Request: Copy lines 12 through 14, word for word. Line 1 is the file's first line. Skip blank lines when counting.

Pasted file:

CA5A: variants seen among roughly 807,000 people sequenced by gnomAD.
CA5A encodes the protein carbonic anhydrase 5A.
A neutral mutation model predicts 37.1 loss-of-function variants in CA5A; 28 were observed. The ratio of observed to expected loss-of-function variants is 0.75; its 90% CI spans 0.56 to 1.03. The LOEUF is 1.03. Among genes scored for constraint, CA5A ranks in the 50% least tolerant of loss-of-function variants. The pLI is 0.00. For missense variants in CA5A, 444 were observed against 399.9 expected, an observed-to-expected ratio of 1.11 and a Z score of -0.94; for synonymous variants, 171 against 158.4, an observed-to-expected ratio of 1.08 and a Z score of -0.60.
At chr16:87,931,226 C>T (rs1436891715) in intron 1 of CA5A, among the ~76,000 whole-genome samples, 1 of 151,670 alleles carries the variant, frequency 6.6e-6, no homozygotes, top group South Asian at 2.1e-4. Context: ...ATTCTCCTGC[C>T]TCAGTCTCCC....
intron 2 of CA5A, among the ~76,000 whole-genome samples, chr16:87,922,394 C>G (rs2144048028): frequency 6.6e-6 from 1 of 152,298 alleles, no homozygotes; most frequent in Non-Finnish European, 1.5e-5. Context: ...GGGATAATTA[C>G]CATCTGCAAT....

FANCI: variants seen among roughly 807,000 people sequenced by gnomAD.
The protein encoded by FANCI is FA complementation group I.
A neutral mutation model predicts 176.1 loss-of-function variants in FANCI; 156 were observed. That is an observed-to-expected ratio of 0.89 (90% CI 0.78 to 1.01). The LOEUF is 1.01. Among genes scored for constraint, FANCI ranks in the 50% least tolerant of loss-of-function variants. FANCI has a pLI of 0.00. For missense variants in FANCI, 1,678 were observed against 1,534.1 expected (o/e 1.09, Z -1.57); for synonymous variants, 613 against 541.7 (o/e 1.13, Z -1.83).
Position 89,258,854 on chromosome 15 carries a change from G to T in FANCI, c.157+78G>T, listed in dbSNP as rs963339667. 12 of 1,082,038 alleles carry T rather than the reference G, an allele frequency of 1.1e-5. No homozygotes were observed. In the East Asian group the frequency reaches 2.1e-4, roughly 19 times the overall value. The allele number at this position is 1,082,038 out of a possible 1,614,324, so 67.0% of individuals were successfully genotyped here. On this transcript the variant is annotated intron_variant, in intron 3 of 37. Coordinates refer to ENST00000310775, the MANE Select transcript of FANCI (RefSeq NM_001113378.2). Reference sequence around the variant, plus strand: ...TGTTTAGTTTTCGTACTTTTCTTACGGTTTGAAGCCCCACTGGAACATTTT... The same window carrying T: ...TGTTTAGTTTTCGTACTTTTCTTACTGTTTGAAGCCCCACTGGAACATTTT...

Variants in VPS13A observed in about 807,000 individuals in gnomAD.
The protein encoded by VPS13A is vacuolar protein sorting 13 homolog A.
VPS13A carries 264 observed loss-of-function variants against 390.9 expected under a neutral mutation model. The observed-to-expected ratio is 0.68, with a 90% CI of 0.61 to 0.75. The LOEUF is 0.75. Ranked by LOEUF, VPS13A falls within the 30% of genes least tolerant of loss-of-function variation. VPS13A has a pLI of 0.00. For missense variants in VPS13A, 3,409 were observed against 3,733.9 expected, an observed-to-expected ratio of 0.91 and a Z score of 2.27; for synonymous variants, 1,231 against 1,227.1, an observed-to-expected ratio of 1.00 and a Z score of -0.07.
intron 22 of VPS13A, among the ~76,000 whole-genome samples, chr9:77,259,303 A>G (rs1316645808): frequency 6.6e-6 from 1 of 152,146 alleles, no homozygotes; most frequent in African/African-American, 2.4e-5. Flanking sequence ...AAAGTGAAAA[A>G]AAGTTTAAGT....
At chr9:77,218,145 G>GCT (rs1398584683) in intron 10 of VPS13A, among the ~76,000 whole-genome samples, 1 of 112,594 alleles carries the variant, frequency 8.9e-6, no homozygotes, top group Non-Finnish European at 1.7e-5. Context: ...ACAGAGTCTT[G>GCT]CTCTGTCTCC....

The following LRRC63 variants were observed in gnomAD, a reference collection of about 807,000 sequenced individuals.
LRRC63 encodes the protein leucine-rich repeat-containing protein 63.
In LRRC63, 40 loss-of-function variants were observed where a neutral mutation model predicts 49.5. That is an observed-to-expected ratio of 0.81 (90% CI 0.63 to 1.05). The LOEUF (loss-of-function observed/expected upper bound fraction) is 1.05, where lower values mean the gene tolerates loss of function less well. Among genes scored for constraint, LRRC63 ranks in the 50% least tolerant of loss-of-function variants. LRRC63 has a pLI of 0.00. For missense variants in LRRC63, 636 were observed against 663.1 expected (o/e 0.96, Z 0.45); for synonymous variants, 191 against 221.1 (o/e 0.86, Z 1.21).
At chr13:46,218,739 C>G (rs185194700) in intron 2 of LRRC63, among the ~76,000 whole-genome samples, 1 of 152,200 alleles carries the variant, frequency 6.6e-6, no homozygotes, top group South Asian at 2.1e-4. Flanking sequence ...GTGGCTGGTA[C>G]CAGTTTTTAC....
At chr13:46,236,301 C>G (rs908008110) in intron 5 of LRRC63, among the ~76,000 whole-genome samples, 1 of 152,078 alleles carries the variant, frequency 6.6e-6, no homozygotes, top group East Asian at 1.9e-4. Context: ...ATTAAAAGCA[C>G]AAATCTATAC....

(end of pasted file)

VPS13A carries 264 observed loss-of-function variants against 390.9 expected under a neutral mutation model. The observed-to-expected ratio is 0.68, with a 90% CI of 0.61 to 0.75. The LOEUF is 0.75. Ranked by LOEUF, VPS13A falls within the 30% of genes least tolerant of loss-of-function variation. VPS13A has a pLI of 0.00. For missense variants in VPS13A, 3,409 were observed against 3,733.9 expected, an observed-to-expected ratio of 0.91 and a Z score of 2.27; for synonymous variants, 1,231 against 1,227.1, an observed-to-expected ratio of 1.00 and a Z score of -0.07.
intron 22 of VPS13A, among the ~76,000 whole-genome samples, chr9:77,259,303 A>G (rs1316645808): frequency 6.6e-6 from 1 of 152,146 alleles, no homozygotes; most frequent in African/African-American, 2.4e-5. Flanking sequence ...AAAGTGAAAA[A>G]AAGTTTAAGT....
At chr9:77,218,145 G>GCT (rs1398584683) in intron 10 of VPS13A, among the ~76,000 whole-genome samples, 1 of 112,594 alleles carries the variant, frequency 8.9e-6, no homozygotes, top group Non-Finnish European at 1.7e-5. Context: ...ACAGAGTCTT[G>GCT]CTCTGTCTCC....